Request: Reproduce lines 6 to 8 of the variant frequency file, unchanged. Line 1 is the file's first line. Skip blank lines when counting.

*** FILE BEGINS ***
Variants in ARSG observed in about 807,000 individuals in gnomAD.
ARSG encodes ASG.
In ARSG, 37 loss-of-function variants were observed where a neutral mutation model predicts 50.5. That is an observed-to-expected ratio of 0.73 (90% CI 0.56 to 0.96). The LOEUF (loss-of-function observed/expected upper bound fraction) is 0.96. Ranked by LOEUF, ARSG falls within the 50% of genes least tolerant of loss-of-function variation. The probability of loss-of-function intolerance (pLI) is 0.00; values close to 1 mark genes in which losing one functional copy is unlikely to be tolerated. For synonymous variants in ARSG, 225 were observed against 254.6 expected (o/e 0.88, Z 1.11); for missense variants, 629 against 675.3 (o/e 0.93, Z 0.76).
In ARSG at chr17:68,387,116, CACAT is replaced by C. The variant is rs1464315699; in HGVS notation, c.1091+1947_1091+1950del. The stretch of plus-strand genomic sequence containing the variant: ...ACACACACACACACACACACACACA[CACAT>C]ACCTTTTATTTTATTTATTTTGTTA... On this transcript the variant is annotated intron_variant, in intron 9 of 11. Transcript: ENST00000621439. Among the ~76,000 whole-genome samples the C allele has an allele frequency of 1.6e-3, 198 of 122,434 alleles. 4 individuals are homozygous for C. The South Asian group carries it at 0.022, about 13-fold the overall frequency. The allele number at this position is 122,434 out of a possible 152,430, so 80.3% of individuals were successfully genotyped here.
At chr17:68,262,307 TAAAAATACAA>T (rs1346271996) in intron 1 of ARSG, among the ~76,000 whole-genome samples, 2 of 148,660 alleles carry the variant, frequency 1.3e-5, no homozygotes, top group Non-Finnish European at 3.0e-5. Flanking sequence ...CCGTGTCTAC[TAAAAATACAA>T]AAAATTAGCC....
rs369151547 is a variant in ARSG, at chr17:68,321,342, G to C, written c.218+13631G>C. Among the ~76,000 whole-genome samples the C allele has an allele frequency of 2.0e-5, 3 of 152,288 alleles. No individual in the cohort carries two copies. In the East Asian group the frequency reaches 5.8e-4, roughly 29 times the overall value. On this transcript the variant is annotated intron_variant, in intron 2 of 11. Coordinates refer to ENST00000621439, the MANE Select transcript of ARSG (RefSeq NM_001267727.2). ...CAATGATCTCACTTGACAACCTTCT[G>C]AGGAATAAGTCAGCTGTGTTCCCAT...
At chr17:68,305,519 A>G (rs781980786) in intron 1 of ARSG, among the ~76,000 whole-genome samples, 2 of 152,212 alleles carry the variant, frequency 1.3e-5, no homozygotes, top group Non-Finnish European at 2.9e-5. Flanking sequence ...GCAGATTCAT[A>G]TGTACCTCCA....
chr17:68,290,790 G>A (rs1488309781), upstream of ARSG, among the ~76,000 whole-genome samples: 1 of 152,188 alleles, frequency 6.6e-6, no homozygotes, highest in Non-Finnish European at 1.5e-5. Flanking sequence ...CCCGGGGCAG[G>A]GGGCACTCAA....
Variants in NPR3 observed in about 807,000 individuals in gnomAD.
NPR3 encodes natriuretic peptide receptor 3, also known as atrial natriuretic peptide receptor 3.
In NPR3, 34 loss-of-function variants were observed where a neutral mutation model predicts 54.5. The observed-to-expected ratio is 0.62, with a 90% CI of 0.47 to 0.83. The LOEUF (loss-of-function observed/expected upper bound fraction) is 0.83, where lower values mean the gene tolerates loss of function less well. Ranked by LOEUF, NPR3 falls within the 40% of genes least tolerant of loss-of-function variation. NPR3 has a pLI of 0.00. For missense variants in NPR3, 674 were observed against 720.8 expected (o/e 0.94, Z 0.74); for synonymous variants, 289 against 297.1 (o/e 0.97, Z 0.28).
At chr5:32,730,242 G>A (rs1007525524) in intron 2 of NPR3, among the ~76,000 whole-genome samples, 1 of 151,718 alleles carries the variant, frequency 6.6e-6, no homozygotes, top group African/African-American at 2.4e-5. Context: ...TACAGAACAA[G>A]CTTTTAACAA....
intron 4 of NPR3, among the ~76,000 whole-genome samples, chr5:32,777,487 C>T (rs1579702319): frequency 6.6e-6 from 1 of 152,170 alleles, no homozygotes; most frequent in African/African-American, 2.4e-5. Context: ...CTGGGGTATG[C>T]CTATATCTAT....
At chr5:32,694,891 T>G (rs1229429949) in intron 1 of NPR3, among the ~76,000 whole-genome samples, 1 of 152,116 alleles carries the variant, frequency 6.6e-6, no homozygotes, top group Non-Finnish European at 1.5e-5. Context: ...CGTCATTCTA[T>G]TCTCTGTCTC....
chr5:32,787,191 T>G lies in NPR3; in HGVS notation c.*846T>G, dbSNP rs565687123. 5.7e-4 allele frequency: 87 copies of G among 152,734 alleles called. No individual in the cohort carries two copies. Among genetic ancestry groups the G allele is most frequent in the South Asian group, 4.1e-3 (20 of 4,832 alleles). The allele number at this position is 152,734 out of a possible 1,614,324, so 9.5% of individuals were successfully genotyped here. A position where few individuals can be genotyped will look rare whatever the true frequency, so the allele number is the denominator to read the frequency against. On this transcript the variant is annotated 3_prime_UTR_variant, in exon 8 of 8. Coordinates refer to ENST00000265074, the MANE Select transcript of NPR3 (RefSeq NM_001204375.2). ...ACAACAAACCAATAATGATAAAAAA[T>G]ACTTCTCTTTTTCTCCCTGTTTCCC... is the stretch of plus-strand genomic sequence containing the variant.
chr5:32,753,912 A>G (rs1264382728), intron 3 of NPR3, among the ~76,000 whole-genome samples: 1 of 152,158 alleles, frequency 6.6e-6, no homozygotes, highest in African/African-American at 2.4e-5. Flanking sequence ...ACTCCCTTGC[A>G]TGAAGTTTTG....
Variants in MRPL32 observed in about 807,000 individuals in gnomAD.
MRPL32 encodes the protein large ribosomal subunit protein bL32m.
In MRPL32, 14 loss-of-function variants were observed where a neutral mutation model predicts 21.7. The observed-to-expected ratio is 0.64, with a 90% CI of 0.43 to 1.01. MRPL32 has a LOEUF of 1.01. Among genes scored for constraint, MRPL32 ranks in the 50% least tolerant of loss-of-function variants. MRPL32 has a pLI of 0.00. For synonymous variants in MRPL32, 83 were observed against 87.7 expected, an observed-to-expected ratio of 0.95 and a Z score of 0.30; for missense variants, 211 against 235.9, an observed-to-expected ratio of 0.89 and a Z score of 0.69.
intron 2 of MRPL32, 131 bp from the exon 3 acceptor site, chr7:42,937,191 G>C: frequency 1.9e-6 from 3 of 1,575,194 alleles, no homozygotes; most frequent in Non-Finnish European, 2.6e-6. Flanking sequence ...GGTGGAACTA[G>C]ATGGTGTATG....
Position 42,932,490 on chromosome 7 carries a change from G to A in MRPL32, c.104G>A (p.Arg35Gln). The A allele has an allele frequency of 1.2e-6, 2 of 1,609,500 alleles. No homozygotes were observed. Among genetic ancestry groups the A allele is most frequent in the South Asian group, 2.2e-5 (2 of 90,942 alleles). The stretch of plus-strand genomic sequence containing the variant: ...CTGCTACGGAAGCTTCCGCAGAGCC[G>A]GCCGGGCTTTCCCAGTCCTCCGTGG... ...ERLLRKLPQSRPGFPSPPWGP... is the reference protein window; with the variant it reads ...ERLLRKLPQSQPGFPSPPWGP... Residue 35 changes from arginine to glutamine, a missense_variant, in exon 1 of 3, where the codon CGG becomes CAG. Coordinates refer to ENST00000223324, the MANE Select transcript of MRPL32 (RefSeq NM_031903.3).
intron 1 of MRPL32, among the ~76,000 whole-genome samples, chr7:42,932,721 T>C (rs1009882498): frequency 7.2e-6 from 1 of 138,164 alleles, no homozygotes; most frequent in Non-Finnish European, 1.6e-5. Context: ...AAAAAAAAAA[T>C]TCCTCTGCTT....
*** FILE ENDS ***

rs369151547 is a variant in ARSG, at chr17:68,321,342, G to C, written c.218+13631G>C. Among the ~76,000 whole-genome samples the C allele has an allele frequency of 2.0e-5, 3 of 152,288 alleles. No individual in the cohort carries two copies. In the East Asian group the frequency reaches 5.8e-4, roughly 29 times the overall value. On this transcript the variant is annotated intron_variant, in intron 2 of 11. Coordinates refer to ENST00000621439, the MANE Select transcript of ARSG (RefSeq NM_001267727.2). ...CAATGATCTCACTTGACAACCTTCT[G>C]AGGAATAAGTCAGCTGTGTTCCCAT...
At chr17:68,305,519 A>G (rs781980786) in intron 1 of ARSG, among the ~76,000 whole-genome samples, 2 of 152,212 alleles carry the variant, frequency 1.3e-5, no homozygotes, top group Non-Finnish European at 2.9e-5. Flanking sequence ...GCAGATTCAT[A>G]TGTACCTCCA....
chr17:68,290,790 G>A (rs1488309781), upstream of ARSG, among the ~76,000 whole-genome samples: 1 of 152,188 alleles, frequency 6.6e-6, no homozygotes, highest in Non-Finnish European at 1.5e-5. Flanking sequence ...CCCGGGGCAG[G>A]GGGCACTCAA....